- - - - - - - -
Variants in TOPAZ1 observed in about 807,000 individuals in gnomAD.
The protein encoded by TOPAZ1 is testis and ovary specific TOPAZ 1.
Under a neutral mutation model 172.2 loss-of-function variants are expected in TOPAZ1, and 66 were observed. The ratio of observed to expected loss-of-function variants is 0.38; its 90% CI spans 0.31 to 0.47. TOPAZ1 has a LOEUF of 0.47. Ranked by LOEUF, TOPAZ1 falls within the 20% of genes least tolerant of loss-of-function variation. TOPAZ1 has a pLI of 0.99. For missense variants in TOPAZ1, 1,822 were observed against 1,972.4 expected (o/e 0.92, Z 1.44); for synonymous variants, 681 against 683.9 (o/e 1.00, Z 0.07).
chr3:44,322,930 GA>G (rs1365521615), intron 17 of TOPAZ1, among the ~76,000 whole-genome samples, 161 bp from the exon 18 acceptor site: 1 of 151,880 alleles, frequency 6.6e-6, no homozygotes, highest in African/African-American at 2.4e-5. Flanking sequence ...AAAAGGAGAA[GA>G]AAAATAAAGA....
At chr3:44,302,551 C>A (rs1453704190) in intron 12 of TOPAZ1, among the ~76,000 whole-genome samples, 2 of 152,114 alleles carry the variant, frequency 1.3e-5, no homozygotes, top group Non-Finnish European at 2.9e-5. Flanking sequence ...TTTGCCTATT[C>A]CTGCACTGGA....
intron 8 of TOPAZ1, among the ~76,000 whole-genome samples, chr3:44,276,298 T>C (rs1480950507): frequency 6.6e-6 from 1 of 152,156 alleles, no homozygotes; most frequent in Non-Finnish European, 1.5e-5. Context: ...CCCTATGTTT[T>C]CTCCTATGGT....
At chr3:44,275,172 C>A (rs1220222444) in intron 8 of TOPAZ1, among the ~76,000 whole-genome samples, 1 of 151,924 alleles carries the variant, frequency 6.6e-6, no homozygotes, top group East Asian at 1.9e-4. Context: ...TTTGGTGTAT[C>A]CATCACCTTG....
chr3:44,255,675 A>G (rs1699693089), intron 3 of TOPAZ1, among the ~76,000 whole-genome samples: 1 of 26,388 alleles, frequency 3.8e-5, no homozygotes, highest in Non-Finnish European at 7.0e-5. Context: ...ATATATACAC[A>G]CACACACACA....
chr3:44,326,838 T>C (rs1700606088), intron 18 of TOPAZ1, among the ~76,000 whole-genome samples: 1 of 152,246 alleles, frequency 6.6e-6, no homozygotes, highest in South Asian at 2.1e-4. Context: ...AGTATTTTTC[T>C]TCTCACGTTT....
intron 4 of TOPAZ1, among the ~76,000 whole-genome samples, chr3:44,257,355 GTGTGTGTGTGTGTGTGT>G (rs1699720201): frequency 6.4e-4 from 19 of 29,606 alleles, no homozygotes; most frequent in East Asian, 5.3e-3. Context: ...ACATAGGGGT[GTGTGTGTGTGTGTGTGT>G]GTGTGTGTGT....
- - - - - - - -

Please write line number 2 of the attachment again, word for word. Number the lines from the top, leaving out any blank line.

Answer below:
The protein encoded by TOPAZ1 is testis and ovary specific TOPAZ 1.